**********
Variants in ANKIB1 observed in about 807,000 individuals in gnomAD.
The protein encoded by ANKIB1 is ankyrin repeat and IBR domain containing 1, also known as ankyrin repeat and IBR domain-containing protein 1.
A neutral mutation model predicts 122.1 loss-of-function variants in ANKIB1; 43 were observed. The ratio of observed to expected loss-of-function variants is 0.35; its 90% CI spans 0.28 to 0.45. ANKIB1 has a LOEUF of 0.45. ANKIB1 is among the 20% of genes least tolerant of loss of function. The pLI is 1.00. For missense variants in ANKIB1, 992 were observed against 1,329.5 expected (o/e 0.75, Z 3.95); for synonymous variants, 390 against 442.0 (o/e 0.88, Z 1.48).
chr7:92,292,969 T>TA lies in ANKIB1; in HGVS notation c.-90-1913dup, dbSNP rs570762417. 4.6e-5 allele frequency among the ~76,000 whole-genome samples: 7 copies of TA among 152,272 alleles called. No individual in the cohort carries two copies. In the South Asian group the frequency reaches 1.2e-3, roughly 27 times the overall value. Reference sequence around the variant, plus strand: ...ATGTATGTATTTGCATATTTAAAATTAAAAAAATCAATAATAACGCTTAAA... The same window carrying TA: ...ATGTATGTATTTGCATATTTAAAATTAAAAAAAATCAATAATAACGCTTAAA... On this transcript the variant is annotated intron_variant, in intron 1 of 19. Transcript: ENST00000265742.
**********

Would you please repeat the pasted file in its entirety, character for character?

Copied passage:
Variants in ANKIB1 observed in about 807,000 individuals in gnomAD.
The protein encoded by ANKIB1 is ankyrin repeat and IBR domain containing 1, also known as ankyrin repeat and IBR domain-containing protein 1.
A neutral mutation model predicts 122.1 loss-of-function variants in ANKIB1; 43 were observed. The ratio of observed to expected loss-of-function variants is 0.35; its 90% CI spans 0.28 to 0.45. ANKIB1 has a LOEUF of 0.45. ANKIB1 is among the 20% of genes least tolerant of loss of function. The pLI is 1.00. For missense variants in ANKIB1, 992 were observed against 1,329.5 expected (o/e 0.75, Z 3.95); for synonymous variants, 390 against 442.0 (o/e 0.88, Z 1.48).
chr7:92,292,969 T>TA lies in ANKIB1; in HGVS notation c.-90-1913dup, dbSNP rs570762417. 4.6e-5 allele frequency among the ~76,000 whole-genome samples: 7 copies of TA among 152,272 alleles called. No individual in the cohort carries two copies. In the South Asian group the frequency reaches 1.2e-3, roughly 27 times the overall value. Reference sequence around the variant, plus strand: ...ATGTATGTATTTGCATATTTAAAATTAAAAAAATCAATAATAACGCTTAAA... The same window carrying TA: ...ATGTATGTATTTGCATATTTAAAATTAAAAAAAATCAATAATAACGCTTAAA... On this transcript the variant is annotated intron_variant, in intron 1 of 19. Transcript: ENST00000265742.